No review of 2014 would be complete without mention of the ever-amazing Pope Francis who is confounding so many views of the power and role of the Papacy . And it appears that he will continue to astound in 2015. Pope Francis’s edict on climate change will anger deniers and US churches In 2015, the pope will issue a lengthy message on the subject to the world’s 1.2 billion Catholics, give an address to the UN general assembly and call a summit of the world’s main religions.
He has been called the “superman pope”, and it would be hard to deny that Pope Francis has had a good December. Cited by President Barack Obama as a key player in the thawing relations between the US and Cuba, the Argentinian pontiff followed that by lecturing his cardinals on the need to clean up Vatican politics. But can Francis achieve a feat that has so far eluded secular powers and inspire decisive action on climate change?

There has been ample fodder at the political level in Canada, with the dramatic April 7 Quebec election result, and the run-up to a federal election in 2015. While we observed what we hope was the permanent political demise of the internationally ridiculed Rob Ford of Toronto, after years of travail, Montrealers take satisfaction in the solid first year of Mayor Coderre’s administration.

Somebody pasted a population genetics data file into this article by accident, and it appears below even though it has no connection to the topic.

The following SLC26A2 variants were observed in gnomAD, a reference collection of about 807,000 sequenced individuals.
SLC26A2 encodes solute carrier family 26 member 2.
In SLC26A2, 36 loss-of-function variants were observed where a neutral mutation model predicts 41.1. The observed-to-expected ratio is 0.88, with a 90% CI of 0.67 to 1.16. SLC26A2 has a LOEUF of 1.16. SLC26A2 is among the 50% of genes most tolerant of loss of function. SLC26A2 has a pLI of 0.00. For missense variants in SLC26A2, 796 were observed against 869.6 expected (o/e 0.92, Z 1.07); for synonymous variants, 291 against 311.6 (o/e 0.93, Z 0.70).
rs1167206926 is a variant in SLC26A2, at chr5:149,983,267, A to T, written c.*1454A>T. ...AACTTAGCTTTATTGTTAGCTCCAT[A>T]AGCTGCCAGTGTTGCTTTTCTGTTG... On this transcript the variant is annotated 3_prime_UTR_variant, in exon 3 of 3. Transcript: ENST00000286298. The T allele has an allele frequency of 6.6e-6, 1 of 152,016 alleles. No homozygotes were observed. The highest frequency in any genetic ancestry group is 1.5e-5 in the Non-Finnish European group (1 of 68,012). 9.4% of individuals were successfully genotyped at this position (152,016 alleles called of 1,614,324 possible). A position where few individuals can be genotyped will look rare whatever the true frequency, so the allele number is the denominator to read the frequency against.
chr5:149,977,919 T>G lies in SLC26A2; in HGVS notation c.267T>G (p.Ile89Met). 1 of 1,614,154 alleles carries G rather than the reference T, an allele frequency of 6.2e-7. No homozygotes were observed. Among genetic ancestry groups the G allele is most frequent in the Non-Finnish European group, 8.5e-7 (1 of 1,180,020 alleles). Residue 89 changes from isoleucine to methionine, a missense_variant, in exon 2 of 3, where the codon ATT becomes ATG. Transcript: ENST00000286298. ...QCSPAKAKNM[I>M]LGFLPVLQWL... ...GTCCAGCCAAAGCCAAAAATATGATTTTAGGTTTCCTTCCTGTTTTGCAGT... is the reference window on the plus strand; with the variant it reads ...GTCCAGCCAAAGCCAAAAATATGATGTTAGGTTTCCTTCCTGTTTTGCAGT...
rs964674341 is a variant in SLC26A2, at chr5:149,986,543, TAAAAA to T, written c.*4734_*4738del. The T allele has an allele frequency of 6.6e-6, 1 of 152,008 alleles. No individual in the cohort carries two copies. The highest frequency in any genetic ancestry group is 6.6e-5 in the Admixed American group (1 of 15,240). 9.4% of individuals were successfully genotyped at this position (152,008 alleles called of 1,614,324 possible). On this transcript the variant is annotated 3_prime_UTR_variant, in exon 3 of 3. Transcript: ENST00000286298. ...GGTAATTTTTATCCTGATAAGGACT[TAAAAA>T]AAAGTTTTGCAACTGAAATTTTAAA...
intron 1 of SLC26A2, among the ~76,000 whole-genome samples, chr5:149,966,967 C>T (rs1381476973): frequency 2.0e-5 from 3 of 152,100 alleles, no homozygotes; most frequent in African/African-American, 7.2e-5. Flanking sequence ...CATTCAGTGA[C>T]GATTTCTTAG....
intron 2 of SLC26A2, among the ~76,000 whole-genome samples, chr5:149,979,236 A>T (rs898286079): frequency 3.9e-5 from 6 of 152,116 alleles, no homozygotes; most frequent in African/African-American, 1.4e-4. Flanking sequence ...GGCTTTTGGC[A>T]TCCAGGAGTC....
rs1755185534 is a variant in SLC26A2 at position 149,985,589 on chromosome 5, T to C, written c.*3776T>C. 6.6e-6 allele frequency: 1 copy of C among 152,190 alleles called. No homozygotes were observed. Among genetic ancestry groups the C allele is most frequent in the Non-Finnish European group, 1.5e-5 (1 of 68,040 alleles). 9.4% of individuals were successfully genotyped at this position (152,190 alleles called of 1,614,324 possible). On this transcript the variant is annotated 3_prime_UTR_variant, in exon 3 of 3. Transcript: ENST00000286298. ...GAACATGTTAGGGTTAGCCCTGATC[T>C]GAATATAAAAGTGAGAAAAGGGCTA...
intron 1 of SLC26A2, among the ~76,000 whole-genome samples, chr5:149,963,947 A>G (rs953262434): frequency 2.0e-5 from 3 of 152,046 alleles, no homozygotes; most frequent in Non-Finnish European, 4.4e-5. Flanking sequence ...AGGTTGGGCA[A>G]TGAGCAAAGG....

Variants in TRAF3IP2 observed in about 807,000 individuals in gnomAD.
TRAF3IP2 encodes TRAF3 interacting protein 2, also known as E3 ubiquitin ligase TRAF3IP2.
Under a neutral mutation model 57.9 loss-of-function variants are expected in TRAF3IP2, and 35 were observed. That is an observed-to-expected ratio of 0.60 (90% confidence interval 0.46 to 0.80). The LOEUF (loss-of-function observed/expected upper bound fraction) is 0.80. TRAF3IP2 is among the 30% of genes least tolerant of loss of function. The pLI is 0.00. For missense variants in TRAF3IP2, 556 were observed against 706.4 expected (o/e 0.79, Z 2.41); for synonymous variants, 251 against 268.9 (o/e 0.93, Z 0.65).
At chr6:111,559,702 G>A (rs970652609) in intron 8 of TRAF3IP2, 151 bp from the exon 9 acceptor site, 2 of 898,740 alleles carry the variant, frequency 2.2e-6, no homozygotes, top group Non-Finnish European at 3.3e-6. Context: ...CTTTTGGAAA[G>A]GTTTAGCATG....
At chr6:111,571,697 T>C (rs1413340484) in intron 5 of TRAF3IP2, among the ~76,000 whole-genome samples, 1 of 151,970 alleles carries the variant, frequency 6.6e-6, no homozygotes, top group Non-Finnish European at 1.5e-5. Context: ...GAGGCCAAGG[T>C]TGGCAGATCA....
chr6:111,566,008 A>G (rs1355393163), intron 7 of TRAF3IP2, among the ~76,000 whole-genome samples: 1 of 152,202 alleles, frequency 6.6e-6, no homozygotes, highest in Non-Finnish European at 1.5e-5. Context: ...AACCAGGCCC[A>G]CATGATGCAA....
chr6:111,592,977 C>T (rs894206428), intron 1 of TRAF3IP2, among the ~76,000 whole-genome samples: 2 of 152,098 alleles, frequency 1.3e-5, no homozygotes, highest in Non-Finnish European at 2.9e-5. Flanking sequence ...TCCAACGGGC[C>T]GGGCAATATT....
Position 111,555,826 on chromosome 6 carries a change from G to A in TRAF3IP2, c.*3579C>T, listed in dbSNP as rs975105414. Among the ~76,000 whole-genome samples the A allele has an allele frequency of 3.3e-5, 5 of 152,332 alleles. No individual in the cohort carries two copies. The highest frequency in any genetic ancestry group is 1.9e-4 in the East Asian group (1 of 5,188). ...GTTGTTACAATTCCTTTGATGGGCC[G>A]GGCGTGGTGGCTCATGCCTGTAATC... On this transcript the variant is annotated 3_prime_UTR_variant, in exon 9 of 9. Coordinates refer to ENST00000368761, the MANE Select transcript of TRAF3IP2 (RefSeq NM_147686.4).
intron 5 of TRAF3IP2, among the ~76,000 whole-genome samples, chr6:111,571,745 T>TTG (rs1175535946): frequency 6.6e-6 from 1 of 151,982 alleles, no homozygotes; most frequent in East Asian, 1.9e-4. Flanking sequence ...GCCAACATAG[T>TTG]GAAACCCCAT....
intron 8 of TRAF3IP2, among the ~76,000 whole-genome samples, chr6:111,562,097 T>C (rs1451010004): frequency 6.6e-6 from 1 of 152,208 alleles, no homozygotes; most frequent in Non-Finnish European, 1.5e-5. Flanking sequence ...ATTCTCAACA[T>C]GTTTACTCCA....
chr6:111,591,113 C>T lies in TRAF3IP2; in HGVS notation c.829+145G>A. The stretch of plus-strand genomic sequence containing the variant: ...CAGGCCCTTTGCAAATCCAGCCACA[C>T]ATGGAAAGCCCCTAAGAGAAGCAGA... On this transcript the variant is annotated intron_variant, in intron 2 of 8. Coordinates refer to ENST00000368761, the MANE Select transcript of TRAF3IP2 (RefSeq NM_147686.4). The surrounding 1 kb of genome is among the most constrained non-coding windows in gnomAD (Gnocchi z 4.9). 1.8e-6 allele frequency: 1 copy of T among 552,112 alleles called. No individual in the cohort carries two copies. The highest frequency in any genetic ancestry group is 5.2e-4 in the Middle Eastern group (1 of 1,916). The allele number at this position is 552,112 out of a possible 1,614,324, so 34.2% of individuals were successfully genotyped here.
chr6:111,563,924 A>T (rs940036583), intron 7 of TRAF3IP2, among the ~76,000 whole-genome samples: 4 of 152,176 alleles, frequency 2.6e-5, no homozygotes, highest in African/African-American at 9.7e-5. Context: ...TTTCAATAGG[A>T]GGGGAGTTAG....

In There’s a lot we don’t know about the story of the year [the shooting on Parliament Hill], and reason to be suspicious of what we are told, Stephen Maher raises some valid concerns about the divided (as opposed to shared) responsibilities for security and questions the independence, or lack thereof, of the RCMP. We only hope that the aftermath of the shooting does not sweep aside other stories that should be followed, namely the plight of returning veterans and their families.

Press Progress: 5 posts that shifted the debate in 2014
With our first full year behind us, we count down our top 5 posts that made a difference in 2014. These original stories helped shape both the news stories and political conversations.
Kinder Morgan says oil spills can be good for the economy
Peter MacKay’s big guns
Leona Aglukkaq caught with her nose in a newspaper
Rex Murphy and Big Oil: Friends with benefits
Fraser Institute mines for data

After the high drama surrounding the Quebec Charter of Values, the Liberals unexpectedly swift victory at the polls on April 7 created a general sense of relief until the reality sank in that this new government was deadly serious about curbing Quebec’s fiscalamity (thank you, Donald Johnston, who coined the term many years ago).
Quebec politics in 2014: The road to austerity
Quebecers got a major wake-up call from the new Liberal government in 2014: the province is broke and had to take steps to get public finances under control.
Bilan de la session parlementaire – Ensemble, on fait avancer le Québec
(PLQ) Après six budgets déficitaires consécutifs, nous présenterons aux Québécois, au printemps 2015, un budget équilibré. Voilà une première bonne nouvelle.
La deuxième bonne nouvelle, c’est que sur tous les efforts qui ont déjà été accomplis, un rattrapage de plus de 6 milliards de dollars a déjà été fait, principalement au sein du gouvernement, comme nous nous y étions engagés.